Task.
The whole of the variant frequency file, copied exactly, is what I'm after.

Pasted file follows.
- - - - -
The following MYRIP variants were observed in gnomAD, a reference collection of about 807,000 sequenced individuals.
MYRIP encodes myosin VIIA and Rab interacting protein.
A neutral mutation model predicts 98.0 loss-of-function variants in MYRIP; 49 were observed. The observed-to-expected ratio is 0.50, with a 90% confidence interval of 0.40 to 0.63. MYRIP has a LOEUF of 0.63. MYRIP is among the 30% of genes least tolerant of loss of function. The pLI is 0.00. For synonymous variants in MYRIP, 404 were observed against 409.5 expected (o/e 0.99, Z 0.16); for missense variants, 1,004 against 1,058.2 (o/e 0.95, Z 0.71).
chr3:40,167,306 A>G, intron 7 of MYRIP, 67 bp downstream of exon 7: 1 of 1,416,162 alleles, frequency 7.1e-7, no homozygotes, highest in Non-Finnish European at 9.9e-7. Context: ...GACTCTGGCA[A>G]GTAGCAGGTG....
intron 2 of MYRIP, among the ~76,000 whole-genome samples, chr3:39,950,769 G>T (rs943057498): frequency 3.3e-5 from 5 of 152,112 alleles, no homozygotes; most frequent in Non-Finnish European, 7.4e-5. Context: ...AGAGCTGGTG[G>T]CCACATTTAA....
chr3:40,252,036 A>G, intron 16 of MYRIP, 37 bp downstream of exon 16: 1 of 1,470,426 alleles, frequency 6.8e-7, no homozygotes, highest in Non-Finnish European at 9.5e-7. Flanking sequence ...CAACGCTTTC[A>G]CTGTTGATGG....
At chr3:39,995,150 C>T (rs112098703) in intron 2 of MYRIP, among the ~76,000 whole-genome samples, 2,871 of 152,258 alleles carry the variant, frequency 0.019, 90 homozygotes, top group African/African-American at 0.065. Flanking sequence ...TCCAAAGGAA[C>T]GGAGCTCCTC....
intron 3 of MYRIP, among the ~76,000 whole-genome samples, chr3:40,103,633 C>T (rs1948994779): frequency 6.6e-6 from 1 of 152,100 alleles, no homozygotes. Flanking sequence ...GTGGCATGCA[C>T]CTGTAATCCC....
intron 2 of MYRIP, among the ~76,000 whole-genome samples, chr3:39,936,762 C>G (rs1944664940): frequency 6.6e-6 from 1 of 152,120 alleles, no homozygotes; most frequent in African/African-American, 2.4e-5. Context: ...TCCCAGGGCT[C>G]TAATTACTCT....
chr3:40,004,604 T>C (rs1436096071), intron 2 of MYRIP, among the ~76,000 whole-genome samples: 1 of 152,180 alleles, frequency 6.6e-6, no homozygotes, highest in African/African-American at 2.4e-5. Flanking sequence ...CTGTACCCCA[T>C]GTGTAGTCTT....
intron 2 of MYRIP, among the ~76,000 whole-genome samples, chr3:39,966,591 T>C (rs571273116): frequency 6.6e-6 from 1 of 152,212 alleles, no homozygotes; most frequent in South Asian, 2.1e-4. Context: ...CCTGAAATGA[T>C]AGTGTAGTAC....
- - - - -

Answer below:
The following MYRIP variants were observed in gnomAD, a reference collection of about 807,000 sequenced individuals.
MYRIP encodes myosin VIIA and Rab interacting protein.
A neutral mutation model predicts 98.0 loss-of-function variants in MYRIP; 49 were observed. The observed-to-expected ratio is 0.50, with a 90% confidence interval of 0.40 to 0.63. MYRIP has a LOEUF of 0.63. MYRIP is among the 30% of genes least tolerant of loss of function. The pLI is 0.00. For synonymous variants in MYRIP, 404 were observed against 409.5 expected (o/e 0.99, Z 0.16); for missense variants, 1,004 against 1,058.2 (o/e 0.95, Z 0.71).
chr3:40,167,306 A>G, intron 7 of MYRIP, 67 bp downstream of exon 7: 1 of 1,416,162 alleles, frequency 7.1e-7, no homozygotes, highest in Non-Finnish European at 9.9e-7. Context: ...GACTCTGGCA[A>G]GTAGCAGGTG....
intron 2 of MYRIP, among the ~76,000 whole-genome samples, chr3:39,950,769 G>T (rs943057498): frequency 3.3e-5 from 5 of 152,112 alleles, no homozygotes; most frequent in Non-Finnish European, 7.4e-5. Context: ...AGAGCTGGTG[G>T]CCACATTTAA....
chr3:40,252,036 A>G, intron 16 of MYRIP, 37 bp downstream of exon 16: 1 of 1,470,426 alleles, frequency 6.8e-7, no homozygotes, highest in Non-Finnish European at 9.5e-7. Flanking sequence ...CAACGCTTTC[A>G]CTGTTGATGG....
At chr3:39,995,150 C>T (rs112098703) in intron 2 of MYRIP, among the ~76,000 whole-genome samples, 2,871 of 152,258 alleles carry the variant, frequency 0.019, 90 homozygotes, top group African/African-American at 0.065. Flanking sequence ...TCCAAAGGAA[C>T]GGAGCTCCTC....
intron 3 of MYRIP, among the ~76,000 whole-genome samples, chr3:40,103,633 C>T (rs1948994779): frequency 6.6e-6 from 1 of 152,100 alleles, no homozygotes. Flanking sequence ...GTGGCATGCA[C>T]CTGTAATCCC....
intron 2 of MYRIP, among the ~76,000 whole-genome samples, chr3:39,936,762 C>G (rs1944664940): frequency 6.6e-6 from 1 of 152,120 alleles, no homozygotes; most frequent in African/African-American, 2.4e-5. Context: ...TCCCAGGGCT[C>G]TAATTACTCT....
chr3:40,004,604 T>C (rs1436096071), intron 2 of MYRIP, among the ~76,000 whole-genome samples: 1 of 152,180 alleles, frequency 6.6e-6, no homozygotes, highest in African/African-American at 2.4e-5. Flanking sequence ...CTGTACCCCA[T>C]GTGTAGTCTT....
intron 2 of MYRIP, among the ~76,000 whole-genome samples, chr3:39,966,591 T>C (rs571273116): frequency 6.6e-6 from 1 of 152,212 alleles, no homozygotes; most frequent in South Asian, 2.1e-4. Context: ...CCTGAAATGA[T>C]AGTGTAGTAC....